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ap­peal the com­pany is look­ing to pro­vide. Fam­i­lies are en­cour­aged to bring blan­kets and dine at the venue, ei­ther by bring­ing their own pic­nics or by pur­chas­ing boxed din­ners pro­vided by lo­cal cater­ers. The on­go­ing de­sire to ap­peal to a broader au­di­ence con­trib­uted to the group’s evo­lu­tion. The opera be­gan pro­vid­ing out­door events a few years ago while on the cusp of iden­ti­fy­ing its next steps in ful­fill­ing its mis­sion.

“We thought about what the au­di­ences en­joyed best when com­ing to the area, and why,” Holt says. “And pro­vid­ing a free or low-cost out­door event to pro­mote to va­ca­tion­ers seemed like the log­i­cal next step.”

Pre­vi­ous out­door con­certs were well re­ceived, with some at­tract­ing thou­sands of guests, in part be­cause of the prox­im­ity to the water­front and what Holt iden­ti­fies as a de­sire to con­nect with fam­ily and friends at a qual­ity event.

“Our shows def­i­nitely bring a level of cul­ture to the area,” he says, adding that past se­ries like “Sum­mer Mu­sic at Hark­ness” acted as a pos­i­tive plat­form for groups like the opera.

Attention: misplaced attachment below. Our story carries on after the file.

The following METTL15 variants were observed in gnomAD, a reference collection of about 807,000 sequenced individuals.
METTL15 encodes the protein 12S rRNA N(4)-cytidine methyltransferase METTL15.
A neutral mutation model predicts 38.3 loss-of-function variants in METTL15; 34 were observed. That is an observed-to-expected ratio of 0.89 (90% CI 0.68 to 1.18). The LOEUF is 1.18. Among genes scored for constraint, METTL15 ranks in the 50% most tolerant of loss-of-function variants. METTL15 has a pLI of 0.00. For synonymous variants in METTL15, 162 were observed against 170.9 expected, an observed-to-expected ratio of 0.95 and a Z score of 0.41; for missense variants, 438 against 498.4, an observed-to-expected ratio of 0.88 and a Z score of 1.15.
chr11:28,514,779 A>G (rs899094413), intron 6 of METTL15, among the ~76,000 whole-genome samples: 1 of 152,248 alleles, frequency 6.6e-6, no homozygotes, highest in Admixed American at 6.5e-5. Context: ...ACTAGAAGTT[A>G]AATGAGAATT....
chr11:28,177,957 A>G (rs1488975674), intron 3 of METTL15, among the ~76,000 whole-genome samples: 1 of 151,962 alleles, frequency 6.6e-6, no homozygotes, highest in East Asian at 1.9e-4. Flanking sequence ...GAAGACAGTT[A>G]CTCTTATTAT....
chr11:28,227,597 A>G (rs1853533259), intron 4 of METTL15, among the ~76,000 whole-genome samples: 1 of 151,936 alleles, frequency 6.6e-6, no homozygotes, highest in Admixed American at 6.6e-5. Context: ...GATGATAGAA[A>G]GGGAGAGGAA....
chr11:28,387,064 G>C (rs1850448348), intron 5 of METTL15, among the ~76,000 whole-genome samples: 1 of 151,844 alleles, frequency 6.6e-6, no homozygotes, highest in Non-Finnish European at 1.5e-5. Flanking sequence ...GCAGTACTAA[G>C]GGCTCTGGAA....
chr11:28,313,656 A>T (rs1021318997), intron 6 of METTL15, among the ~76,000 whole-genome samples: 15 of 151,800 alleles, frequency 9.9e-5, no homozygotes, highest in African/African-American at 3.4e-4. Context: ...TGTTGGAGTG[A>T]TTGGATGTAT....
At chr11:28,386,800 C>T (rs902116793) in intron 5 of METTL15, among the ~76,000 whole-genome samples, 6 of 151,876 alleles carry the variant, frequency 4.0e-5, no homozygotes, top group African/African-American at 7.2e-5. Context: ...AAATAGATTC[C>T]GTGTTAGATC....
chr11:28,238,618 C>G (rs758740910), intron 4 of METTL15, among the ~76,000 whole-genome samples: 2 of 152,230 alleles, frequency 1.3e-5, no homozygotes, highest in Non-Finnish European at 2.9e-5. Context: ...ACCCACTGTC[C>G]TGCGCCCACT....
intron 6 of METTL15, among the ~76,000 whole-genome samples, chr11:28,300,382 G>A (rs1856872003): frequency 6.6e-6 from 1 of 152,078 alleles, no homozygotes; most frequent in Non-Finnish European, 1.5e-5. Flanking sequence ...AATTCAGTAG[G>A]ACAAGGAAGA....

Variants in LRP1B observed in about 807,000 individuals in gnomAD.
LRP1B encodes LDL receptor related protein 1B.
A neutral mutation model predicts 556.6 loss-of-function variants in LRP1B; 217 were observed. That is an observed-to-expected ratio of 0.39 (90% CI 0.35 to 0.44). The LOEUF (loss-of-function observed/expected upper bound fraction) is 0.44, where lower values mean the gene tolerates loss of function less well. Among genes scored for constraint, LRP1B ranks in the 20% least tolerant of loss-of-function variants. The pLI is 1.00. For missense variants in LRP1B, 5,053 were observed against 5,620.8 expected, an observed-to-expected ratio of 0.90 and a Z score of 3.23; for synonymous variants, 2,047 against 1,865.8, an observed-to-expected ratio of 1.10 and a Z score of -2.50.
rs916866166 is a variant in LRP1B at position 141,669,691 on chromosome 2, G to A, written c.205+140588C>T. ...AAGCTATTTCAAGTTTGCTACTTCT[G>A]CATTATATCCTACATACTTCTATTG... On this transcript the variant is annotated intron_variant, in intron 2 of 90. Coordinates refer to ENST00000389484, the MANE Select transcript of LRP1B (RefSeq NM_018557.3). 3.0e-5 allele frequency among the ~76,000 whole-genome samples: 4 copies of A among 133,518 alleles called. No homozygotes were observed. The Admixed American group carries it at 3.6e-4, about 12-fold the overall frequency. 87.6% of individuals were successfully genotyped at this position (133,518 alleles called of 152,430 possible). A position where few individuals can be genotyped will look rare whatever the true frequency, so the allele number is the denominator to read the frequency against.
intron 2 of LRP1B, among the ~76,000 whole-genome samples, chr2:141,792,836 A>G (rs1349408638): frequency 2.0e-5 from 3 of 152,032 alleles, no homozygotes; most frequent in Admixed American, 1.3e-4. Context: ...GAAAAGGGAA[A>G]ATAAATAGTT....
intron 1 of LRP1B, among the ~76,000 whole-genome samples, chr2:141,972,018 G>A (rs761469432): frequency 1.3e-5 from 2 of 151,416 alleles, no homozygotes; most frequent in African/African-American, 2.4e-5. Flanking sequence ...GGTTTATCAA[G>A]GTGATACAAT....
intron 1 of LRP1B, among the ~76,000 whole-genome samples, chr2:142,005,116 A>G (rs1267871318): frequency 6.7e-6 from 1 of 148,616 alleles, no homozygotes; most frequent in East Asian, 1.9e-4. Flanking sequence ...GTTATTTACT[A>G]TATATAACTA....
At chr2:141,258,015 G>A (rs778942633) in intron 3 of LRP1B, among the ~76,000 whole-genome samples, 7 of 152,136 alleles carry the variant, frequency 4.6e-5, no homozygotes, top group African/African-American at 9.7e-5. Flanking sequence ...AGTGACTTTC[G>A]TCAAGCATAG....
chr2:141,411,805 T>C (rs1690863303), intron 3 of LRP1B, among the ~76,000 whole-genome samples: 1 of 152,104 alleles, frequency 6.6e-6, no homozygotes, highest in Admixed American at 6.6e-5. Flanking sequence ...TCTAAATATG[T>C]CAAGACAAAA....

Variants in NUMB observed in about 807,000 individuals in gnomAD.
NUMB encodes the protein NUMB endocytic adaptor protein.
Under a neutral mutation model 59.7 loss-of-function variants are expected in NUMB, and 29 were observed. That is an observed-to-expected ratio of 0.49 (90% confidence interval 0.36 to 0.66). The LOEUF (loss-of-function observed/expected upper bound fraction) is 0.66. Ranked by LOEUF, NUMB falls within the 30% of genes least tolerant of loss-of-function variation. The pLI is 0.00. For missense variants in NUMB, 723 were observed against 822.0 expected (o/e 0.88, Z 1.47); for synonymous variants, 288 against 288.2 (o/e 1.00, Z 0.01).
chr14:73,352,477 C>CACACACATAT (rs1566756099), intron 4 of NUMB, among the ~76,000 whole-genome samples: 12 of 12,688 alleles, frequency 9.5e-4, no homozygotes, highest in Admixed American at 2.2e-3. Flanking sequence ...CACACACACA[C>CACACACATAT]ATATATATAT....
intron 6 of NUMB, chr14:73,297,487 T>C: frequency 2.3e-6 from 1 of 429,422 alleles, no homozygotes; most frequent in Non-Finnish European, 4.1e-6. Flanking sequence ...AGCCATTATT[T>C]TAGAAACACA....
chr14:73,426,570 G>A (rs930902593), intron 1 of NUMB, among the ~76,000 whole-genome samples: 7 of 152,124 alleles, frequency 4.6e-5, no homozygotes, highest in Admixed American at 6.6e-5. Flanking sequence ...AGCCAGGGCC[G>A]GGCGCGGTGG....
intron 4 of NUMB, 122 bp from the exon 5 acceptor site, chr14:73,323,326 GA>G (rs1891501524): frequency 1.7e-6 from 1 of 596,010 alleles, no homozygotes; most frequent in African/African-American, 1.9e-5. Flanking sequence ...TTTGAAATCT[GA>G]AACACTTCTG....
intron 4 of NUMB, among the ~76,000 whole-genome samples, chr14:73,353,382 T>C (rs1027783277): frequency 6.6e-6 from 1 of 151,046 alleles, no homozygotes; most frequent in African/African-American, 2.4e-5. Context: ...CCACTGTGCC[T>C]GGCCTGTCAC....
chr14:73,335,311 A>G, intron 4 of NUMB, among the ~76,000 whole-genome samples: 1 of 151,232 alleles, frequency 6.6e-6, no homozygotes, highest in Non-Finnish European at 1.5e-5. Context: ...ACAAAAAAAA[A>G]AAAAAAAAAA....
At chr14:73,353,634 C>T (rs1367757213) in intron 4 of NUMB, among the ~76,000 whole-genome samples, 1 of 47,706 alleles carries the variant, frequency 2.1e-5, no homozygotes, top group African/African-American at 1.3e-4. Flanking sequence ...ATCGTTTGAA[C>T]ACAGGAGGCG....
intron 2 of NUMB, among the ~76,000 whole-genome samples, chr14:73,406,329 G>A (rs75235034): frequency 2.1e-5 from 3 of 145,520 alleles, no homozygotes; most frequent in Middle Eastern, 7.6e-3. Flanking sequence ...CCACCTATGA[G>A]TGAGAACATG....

And Holt an­tic­i­pates the opera’s op­tions will con­tinue to ex­pand, even­tu­ally al­low­ing for year-round per­for­mances to en­hance their other ac­tiv­i­ties, which in­clude recitals and dis­cus­sions.

While the per­for­mances them­selves are a main fo­cus, the opera is equally com­mit­ted to the ed­u­ca­tional com­po­nent of their work through outreach pro­grams and the Salt Marsh Opera Guild, formed in 2008, to fo­cus on ad­vo­cacy and vol­un­teerism. And all of it is driv­ing the same goal— to get more peo­ple in­volved, en­gaged and fall­ing in love with the opera ex­pe­ri­ence.

“The au­di­ence is just as im­por­tant as the singers them­selves,” Holt says. “With­out them, there is no point in do­ing what we do.”

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